The mummified remains of a teenage boy, stored unexamined at a museum in Cairo for over a century, have been digitally unwrapped for the first time, revealing an excess of amulets and plants adorned his body.
In a study, published in the journal Frontiers in Medicine on Tuesday, researchers reveal that the unnamed teenager, only 14 or 15 years old, walked into the afterlife wearing a pair of white sandals. They used a computerized tomography (CT) scan, which allows for digital reconstructions of bone, blood vessels, soft tissues and more via X-rays, to peer inside the coffin.
“Here we show that this mummy’s body was extensively decorated with 49 amulets, beautifully stylized in a unique arrangement of three columns between the folds of the wrappings and inside the mummy’s body cavity,” noted Sahar Saleem, a radiologist at Cairo University, Egypt, and first author on the paper. They’ve dubbed the mummy “Golden Boy.”
Saleem notes Golden Boy’s adornments are in line with some of the rituals outlined in the Egyptian Book of the Dead, including the sandals. He was adorned with three columns of amulets between the folds of his wrappings, including items like the Eye of Horus — a scarab beetle inside his chest and a two-finger amulet beside his penis. Many of the ornaments were made of gold.
All of his organs had been removed except for his heart, and the scans revealed he also had immaculate teeth.
Golden Boy’s coffin was first discovered in 1916 at a necropolis in Nag el Hassaya, the cemetery of the city of Edfu, but were stored away at the Egyptian Museum. The boy lived during the Ptolemaic period between around 330 and 30 BC and was likely of high status thanks to a “lavish gilded mask” that he was buried in. His cause of death is unknown but there were no signs it was unnatural, according to the research.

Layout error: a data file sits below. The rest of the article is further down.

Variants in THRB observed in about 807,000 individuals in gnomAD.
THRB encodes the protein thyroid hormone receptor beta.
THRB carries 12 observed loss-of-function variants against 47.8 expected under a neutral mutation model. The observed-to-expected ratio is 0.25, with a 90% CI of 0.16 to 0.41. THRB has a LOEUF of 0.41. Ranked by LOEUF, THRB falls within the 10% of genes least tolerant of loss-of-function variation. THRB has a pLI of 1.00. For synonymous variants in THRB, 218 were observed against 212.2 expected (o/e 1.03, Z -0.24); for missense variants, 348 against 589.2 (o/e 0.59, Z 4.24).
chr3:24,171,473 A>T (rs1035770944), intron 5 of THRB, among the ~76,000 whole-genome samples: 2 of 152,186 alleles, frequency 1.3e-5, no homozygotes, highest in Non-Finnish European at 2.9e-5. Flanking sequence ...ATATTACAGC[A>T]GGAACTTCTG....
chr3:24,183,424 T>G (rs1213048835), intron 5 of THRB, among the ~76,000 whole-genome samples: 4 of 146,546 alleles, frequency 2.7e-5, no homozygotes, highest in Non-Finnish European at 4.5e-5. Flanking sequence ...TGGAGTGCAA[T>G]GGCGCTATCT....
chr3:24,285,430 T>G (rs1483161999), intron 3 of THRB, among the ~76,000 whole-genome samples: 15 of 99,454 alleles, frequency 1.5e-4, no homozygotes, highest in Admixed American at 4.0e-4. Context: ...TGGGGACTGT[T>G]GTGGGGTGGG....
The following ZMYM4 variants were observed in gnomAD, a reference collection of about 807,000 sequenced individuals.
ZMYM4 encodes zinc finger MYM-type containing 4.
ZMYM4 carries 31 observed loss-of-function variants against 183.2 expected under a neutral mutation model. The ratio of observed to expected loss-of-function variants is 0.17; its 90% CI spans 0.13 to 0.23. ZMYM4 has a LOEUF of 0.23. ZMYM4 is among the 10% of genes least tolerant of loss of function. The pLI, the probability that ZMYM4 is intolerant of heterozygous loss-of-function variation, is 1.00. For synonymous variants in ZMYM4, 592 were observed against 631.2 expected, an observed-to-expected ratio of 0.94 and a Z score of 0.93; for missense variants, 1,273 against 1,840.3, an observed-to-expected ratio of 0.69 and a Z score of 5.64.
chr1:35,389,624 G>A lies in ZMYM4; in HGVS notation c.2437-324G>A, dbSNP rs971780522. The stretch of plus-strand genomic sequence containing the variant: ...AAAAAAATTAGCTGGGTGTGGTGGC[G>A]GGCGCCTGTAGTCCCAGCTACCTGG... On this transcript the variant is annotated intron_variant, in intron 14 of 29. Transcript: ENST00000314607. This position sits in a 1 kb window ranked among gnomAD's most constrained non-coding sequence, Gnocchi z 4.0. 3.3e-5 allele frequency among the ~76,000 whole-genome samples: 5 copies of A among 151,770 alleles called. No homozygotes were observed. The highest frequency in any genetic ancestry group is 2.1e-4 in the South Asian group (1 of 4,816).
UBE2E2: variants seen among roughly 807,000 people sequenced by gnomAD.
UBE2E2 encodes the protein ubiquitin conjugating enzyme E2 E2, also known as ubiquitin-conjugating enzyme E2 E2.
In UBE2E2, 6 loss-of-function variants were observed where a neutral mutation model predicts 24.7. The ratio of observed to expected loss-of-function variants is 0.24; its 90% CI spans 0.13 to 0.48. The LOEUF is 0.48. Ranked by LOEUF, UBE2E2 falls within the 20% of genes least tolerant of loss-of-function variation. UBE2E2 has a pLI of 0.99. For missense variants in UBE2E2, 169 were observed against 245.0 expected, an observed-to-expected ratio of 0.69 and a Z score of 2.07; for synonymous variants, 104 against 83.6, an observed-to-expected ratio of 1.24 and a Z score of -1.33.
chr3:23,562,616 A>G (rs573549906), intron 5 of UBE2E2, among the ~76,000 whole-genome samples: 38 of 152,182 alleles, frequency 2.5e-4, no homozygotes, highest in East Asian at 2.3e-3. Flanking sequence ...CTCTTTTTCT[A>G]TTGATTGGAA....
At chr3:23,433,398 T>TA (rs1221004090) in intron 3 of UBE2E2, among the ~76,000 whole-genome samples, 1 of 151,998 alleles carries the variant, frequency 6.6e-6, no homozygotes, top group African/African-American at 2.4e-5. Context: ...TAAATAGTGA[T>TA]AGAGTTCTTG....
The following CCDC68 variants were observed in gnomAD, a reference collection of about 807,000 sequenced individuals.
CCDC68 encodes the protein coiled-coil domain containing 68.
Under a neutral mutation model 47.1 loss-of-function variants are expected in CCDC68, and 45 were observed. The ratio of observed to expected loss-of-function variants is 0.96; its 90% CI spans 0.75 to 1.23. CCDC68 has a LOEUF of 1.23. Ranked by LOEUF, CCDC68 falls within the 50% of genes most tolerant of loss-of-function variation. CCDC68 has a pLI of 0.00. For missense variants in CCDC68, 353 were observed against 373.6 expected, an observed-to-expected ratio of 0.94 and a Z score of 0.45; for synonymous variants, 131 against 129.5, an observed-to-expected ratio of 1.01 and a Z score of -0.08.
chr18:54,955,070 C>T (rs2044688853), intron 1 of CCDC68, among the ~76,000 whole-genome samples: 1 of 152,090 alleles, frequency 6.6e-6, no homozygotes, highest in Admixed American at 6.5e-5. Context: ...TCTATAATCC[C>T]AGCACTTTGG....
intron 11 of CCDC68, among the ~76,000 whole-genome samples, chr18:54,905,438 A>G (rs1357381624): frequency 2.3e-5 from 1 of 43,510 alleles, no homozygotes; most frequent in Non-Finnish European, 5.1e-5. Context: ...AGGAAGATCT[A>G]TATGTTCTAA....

Saleem and her colleagues had previously digitally unwrapped the mummy of Amenhotep I back in 2021 and was responsible for discovering a knife wound in the throat of Ramesses III as well as a missing toe, suggesting he was murdered by a band of assassins.
The Egyptians believed life didn’t end with death. Instead, there was an afterlife. The process of mummification and laying in ornaments, amulets and plants were designed to help the spirit of the dead navigate through the afterlife. Golden Boy provides more evidence for the funerary rituals and importance of these ornaments during the boy’s life in the Ptolemaic period.
The research led to the Egyptian Museum moving Golden Boy from the basement to its main exhibition hall where it will now be placed on display.
Updated Jan 23: Details about the mummy added from the research paper.